Gold Prices Ignore 0.2% Rise in U.S. PPI
(Kitco News) - Gold prices remain on the defensive and below critical technical levels as wholesale inflation rises in line with expectations.
Wednesday, the U.S. Labor Department said its Producer Price Index (PPI) rose 0.2% in September following a drop of 0.1% in August. The data was in line with expectations. This is the first rise in headline inflation pressures in three months. For the year, producer inflation increased 2.6%.
Core PPI, which strips out volatile food and energy costs, rose 0.2% in the last month, following a 0.1% drop in August. Economists were also expecting to see an increase of 0.2%. Annually, prices for final demand less foods, energy, and trade services increased 2.9%.
U.S. economic data is having little impact on gold prices as the market continues to be dominated by the U.S. dollar. The yellow metal is seeing little reaction to the latest inflation data as prices remain below the critical technical level at $1,200 an ounce. December gold last traded at $1,189.60 an ounce, down 0.14% on the day.
Economists pay close attention to producer prices as it is a leading indicator for consumer prices, with companies passing on higher costs to their customers.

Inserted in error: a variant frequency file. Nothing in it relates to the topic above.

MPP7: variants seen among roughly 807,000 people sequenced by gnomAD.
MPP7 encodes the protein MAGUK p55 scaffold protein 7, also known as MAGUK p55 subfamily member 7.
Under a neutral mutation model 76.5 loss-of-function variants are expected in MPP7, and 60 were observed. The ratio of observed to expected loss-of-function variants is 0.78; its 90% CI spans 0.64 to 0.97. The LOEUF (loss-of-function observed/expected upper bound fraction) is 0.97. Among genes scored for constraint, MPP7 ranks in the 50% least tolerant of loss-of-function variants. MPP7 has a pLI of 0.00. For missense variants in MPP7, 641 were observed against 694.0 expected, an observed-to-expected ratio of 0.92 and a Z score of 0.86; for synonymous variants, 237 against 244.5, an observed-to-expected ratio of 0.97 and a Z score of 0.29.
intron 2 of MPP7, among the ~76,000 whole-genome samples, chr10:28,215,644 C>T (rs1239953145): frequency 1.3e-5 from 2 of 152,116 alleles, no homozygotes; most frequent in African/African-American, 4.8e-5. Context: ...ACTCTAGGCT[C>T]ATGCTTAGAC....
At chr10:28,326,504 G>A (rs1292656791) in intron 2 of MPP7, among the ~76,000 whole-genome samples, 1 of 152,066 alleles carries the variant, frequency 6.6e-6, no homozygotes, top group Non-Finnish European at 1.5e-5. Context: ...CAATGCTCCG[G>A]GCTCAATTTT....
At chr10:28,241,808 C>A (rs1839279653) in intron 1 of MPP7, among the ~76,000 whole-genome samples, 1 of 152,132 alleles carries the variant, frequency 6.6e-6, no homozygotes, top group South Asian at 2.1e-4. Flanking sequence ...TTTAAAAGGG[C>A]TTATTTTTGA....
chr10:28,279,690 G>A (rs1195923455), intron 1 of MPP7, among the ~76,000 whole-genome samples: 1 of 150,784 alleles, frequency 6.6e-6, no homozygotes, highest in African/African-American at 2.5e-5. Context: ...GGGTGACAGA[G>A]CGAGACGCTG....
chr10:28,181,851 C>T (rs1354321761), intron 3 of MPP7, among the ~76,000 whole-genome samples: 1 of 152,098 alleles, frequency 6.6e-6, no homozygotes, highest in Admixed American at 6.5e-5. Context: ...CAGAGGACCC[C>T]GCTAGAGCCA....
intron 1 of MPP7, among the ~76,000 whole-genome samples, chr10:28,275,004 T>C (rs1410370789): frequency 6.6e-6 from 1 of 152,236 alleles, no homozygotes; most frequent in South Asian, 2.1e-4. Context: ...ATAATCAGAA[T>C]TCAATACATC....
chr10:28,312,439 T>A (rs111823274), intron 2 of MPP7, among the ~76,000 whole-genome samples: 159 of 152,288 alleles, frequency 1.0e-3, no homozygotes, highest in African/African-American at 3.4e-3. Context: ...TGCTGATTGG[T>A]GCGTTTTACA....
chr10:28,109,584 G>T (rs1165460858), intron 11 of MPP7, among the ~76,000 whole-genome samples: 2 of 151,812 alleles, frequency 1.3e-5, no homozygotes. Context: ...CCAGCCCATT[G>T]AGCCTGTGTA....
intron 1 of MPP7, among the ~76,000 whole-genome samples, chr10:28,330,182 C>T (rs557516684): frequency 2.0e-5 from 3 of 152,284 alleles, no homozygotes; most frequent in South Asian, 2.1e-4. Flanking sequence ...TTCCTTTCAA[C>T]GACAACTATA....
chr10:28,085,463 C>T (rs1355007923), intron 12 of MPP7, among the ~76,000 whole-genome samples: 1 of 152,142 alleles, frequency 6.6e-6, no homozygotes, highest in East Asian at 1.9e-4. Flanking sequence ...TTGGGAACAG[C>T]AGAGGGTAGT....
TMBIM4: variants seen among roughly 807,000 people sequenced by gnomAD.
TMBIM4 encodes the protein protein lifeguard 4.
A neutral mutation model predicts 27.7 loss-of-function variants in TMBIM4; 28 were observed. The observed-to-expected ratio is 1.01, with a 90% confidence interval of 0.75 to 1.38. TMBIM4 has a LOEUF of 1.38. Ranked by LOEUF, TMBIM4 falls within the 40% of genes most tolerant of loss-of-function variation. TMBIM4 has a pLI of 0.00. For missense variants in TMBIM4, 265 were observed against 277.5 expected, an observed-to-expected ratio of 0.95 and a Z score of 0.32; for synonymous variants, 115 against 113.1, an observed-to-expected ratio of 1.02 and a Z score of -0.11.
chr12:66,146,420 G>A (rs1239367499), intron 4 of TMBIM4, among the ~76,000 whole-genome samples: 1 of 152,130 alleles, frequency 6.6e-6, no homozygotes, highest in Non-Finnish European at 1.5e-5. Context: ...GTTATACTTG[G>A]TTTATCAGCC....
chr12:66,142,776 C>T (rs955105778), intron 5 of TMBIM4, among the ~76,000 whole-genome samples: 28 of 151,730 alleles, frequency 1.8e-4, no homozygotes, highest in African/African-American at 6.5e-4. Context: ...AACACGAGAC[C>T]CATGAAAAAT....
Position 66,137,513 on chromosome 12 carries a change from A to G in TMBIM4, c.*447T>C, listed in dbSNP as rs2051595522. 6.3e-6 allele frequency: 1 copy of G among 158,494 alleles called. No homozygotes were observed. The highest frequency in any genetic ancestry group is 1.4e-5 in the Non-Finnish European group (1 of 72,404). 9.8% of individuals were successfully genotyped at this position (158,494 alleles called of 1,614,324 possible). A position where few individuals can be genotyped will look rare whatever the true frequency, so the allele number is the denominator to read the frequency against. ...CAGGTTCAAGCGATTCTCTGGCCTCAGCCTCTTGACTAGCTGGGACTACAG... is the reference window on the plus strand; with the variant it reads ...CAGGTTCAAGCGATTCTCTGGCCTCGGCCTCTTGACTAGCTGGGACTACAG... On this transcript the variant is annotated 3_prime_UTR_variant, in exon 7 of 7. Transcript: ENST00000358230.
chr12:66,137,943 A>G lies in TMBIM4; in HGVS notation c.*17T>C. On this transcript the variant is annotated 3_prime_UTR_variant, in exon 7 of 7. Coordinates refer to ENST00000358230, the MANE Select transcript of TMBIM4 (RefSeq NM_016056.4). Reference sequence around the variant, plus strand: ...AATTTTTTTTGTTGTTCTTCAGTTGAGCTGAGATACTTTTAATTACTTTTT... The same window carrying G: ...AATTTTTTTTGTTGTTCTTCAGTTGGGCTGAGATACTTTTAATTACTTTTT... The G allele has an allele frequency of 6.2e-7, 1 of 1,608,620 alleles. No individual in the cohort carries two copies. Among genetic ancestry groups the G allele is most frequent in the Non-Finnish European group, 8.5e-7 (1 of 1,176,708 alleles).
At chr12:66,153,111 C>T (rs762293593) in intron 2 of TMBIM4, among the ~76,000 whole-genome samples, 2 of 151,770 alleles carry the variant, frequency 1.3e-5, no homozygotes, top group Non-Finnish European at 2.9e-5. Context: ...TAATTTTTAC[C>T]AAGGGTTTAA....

While inflation appears to be on the rise, economists note that levels are still fairly low, which could continue to support U.S. economic growth and keep the Federal Reserve from aggressively raising interest rates.
“The strength of underlying core producer price inflation suggests that consumer price inflation will continue to rise gradually over the remaining months of this year,” said Paul Ashworth, chief U.S. economist at Capital Economics.
He added that the consistent rise in inflation will keep the U.S. central bank raising interest rates once a quarter until the middle of 2019, “by which time we expect that slowing economic growth will prompt the Fed to move to the sidelines.”
U.S. President Donald Trump has once again inserted himself into the monetary policy conversation saying in a media scrum Tuesday that the Federal Reserve can afford to hold off on raising interest rates as there are no signs of inflation.
Talking about the progress the U.S. economy has made this past year, Trump said, "I don't want to slow it down even a little bit."